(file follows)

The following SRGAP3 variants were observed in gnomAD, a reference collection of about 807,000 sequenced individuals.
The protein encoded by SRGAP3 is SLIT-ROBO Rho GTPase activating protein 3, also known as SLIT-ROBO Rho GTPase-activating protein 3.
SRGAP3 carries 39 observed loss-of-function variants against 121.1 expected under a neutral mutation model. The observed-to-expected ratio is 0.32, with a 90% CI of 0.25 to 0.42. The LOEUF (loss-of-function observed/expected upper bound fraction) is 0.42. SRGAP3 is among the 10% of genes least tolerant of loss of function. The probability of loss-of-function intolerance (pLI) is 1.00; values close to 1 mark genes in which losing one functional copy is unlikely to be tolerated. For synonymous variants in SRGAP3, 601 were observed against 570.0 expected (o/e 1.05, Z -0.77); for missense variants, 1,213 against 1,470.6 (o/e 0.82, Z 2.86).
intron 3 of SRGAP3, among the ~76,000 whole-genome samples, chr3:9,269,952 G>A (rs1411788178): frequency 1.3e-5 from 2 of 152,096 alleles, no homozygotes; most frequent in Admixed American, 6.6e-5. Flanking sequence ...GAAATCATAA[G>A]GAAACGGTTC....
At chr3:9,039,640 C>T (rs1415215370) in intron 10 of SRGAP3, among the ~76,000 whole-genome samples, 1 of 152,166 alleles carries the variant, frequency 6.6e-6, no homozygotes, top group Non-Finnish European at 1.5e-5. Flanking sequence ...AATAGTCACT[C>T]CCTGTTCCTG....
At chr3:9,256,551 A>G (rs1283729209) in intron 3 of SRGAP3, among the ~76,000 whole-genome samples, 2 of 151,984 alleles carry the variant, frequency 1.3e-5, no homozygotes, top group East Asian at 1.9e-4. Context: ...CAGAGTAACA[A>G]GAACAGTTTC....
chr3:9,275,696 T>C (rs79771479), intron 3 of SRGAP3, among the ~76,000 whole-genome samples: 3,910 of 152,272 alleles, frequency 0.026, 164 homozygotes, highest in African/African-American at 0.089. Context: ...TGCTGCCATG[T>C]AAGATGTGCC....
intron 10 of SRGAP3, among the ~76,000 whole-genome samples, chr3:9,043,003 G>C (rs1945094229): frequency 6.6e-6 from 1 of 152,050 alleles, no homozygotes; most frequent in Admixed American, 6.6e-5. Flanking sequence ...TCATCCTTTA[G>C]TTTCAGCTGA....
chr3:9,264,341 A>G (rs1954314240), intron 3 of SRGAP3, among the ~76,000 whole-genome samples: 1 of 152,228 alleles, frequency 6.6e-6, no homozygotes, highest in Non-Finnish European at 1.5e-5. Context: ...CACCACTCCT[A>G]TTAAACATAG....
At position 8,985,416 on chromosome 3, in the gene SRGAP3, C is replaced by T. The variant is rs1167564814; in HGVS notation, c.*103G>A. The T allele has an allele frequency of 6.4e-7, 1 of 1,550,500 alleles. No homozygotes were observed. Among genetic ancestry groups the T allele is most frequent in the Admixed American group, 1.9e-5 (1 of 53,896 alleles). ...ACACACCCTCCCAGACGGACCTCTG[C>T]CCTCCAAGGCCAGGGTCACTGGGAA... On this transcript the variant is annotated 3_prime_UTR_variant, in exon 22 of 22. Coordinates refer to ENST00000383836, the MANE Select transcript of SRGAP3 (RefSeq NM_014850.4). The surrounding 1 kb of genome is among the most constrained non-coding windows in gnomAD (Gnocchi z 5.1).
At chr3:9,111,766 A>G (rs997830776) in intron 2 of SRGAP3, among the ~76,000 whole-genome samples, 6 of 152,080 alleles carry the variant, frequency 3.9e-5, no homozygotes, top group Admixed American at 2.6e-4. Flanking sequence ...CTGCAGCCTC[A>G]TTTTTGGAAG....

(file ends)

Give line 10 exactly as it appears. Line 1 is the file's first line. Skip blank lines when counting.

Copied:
At position 8,985,416 on chromosome 3, in the gene SRGAP3, C is replaced by T. The variant is rs1167564814; in HGVS notation, c.*103G>A. The T allele has an allele frequency of 6.4e-7, 1 of 1,550,500 alleles. No homozygotes were observed. Among genetic ancestry groups the T allele is most frequent in the Admixed American group, 1.9e-5 (1 of 53,896 alleles). ...ACACACCCTCCCAGACGGACCTCTG[C>T]CCTCCAAGGCCAGGGTCACTGGGAA... On this transcript the variant is annotated 3_prime_UTR_variant, in exon 22 of 22. Coordinates refer to ENST00000383836, the MANE Select transcript of SRGAP3 (RefSeq NM_014850.4). The surrounding 1 kb of genome is among the most constrained non-coding windows in gnomAD (Gnocchi z 5.1).